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By the 18th century, William Tell was a very popular figure in Switzerland, so much so that several antiquarians investigated the story. They did not find any evidence that there was such as figure, nor proof that any person shot an apple off a boy’s head. In the 19th century, the Swiss government ordered an official investigation into the authenticity of the story of William Tell. There was no document found in relation to the late 1200s and early 14th century that mentions anyone by that name <ref>Head, p 551</ref>. There is no mention of a person shooting an apple off a boy’s head in any record. However, it should be noted that record keeping was very poor at the time and many documents would have been lost down the centuries. It was noted that the first mention of the hero was in the 15th century long after the bowman’s supposed heroics and life. Many have believed that the story of William Tell and his marksmanship, was not historically accurate. Many historians have expressed doubt about the authenticity of the story because crossbows were not commonly used at the time, especially by poor mountaineers such as William Tell. Crossbows in the 14th century were typically very expensive and only professional soldiers could afford this technology. Crossbowmen were much sought after as mercenaries in the Middle Ages. Moreover, there is no support for the story that Tell, and others took an oath to free Switzerland. There are some who believe that a linguistic analysis of the legend in order to determine if there was a real-life character <ref>Head, p 555</ref>. Some Swiss scholars have turned to etymology in order to provide proof of the historicity of the hero. At the time many people took their surname from their home village or territory. There are scholars who hold that the name Tell could derive from a district or village. However, these academic exercises do not provide any real evidence for the existence of the Swiss national hero.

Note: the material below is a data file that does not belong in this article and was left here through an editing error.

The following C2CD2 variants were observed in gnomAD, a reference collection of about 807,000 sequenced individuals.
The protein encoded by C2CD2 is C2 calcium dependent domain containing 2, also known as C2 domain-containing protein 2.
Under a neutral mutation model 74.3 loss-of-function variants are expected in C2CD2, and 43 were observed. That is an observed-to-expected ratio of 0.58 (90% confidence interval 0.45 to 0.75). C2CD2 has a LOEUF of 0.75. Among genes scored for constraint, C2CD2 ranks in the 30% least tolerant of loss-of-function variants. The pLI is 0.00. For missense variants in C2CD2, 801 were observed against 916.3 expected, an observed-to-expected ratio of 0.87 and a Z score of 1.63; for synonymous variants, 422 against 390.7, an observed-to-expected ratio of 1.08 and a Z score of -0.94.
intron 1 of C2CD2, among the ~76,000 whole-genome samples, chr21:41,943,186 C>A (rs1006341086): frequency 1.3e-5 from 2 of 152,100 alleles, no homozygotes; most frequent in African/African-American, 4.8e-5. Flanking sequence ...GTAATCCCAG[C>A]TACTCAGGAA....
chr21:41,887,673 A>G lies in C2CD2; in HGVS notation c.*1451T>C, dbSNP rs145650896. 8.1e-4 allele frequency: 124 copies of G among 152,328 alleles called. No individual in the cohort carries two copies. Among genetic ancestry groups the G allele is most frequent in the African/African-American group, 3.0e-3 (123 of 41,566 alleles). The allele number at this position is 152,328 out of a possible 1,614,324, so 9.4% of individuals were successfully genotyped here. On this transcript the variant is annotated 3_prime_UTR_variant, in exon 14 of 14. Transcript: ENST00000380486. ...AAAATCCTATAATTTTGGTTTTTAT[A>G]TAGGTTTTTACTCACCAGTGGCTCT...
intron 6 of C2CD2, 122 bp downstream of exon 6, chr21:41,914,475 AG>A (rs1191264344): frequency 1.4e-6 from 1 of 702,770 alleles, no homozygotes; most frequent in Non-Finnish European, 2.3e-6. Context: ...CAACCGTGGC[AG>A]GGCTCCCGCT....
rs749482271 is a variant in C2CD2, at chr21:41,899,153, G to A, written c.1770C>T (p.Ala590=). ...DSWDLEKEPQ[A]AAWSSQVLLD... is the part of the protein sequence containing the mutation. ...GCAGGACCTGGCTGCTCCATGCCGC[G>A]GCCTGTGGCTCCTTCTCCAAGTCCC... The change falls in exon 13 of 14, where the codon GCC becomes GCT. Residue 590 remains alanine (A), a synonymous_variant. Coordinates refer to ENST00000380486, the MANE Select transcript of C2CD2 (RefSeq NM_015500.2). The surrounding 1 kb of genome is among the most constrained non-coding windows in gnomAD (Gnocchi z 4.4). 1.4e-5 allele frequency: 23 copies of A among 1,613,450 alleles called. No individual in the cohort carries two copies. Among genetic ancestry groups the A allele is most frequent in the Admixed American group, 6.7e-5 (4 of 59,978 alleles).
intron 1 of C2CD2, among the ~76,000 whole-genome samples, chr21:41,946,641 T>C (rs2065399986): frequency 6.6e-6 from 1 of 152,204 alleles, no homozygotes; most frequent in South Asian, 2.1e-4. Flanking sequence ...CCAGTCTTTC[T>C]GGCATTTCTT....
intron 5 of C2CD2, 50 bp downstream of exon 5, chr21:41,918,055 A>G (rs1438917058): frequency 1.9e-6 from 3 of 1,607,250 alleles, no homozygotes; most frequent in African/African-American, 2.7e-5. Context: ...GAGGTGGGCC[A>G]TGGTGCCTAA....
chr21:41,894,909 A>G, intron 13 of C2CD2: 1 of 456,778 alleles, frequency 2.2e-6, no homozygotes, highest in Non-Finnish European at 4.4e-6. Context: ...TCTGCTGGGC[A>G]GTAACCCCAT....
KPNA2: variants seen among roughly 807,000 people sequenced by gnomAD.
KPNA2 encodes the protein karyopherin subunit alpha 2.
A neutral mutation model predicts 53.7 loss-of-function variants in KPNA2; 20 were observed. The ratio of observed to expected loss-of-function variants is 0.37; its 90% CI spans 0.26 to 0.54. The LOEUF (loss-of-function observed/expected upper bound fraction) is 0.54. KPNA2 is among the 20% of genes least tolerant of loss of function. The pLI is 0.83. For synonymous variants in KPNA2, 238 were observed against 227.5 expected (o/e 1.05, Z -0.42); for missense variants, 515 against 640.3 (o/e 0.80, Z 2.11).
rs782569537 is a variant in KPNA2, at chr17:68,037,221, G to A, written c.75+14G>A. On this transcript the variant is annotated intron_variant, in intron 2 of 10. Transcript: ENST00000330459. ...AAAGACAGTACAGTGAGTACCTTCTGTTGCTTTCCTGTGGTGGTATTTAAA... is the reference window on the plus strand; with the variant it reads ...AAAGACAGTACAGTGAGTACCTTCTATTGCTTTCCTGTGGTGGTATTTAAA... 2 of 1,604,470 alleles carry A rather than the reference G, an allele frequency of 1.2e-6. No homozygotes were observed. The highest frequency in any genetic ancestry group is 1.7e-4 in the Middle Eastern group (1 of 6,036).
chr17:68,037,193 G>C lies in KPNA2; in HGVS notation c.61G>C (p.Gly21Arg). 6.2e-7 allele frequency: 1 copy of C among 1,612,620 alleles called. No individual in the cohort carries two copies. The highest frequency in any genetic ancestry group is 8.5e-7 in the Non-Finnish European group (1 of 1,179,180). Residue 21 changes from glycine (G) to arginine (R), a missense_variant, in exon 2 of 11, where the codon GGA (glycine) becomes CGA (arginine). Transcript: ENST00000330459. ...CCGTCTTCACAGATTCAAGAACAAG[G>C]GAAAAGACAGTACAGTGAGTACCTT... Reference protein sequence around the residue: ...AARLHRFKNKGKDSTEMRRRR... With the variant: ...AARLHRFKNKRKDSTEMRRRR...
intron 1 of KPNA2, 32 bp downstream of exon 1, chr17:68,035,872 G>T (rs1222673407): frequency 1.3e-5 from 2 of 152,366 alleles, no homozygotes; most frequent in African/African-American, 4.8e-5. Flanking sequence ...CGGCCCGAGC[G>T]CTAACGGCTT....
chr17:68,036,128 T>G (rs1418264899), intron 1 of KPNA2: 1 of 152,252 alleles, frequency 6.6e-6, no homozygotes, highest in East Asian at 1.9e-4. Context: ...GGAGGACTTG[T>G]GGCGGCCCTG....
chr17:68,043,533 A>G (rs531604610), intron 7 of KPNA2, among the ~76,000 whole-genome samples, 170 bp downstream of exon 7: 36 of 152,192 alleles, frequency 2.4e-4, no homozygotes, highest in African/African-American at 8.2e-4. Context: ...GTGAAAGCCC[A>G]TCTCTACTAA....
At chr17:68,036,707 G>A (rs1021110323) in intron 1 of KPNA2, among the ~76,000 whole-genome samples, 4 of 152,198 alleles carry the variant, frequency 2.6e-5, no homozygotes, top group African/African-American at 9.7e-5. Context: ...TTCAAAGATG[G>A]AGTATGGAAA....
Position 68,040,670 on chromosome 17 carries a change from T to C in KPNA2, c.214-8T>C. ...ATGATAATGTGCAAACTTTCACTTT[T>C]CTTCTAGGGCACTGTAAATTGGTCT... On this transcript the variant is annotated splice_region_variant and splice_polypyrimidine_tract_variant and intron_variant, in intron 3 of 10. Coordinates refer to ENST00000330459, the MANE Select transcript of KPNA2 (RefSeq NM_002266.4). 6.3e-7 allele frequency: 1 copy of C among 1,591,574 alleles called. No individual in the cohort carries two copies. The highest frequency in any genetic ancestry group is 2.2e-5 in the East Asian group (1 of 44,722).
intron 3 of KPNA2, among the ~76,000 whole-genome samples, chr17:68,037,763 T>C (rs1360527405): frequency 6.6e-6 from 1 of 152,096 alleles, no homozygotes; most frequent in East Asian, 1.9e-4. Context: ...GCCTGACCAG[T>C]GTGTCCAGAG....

mythology of the apple and the arrow==In the 19th century, many academics began the comparative study of myths. They found that many legends, fables, and folktales were similar, and this was because of cultural exchanges between societies. Many researchers who have studied the story of William Tell, believe that it is only a myth. There are many similar myths throughout Europe. In these stories, there are heroes who display great marksmanship and they shot an apple off the head of a person, typically a relative. There are examples of these stories found in Wales, Denmark, Finland, among others. One theory suggests that the story of William Tell is just the Swiss version of a well-known folktale. It was probably transmitted via trade routes or by migrants and the story of the great bowman became part of local Swiss culture. This folktale became associated with the Swiss struggle to throw off the Austrian yoke and became so popular, that many assumed that it was based on a real man. This is something that has occurred in many societies throughout the world <ref> Dundes, A., 1991. The 1991 archer Taylor memorial lecture. The apple-shot: interpreting the legend of William Tell. Western folklore, 50(4), pp.327-360</ref>.
==The politics of myth==
Despite the almost complete lack of evidence for the existence of William Tell, many firmly believe him to be a real historical figure. In Switzerland, he became the national hero in the 19th century. It seems that the Swiss people needed a hero when its country was occupied by the armies of Napoleon. He became an embodiment of the nation and its aspirations and showed the people that they could be free. To put it simply the myth was so popular and useful that people wanted it to be true. Moreover, popular artworks, based on the hero persuaded many people in Switzerland and beyond that Tell was a real person. Moreover, successive Swiss governments, despite investigations showing that there was no real evidence for the heroes’ existence, continued to pursue policies that treated him as a real-life figure. They erected statues to the man who had purportedly shot an apple off his son’s head. The Swiss authorities have used the story of William Tell as a national figure around which people would rally round in times of stress and danger. When Switzerland was threatened in World War One and Two, or during the Cold War, the bowman was a source of inspiration <ref>Ritzer, Nadine. "The Cold War in Swiss Classrooms: History Education as a “Powerful Weapon against Communism “?." Journal of Educational Media, Memory, and Society 4, no. 1 (2012): 78-94</ref>.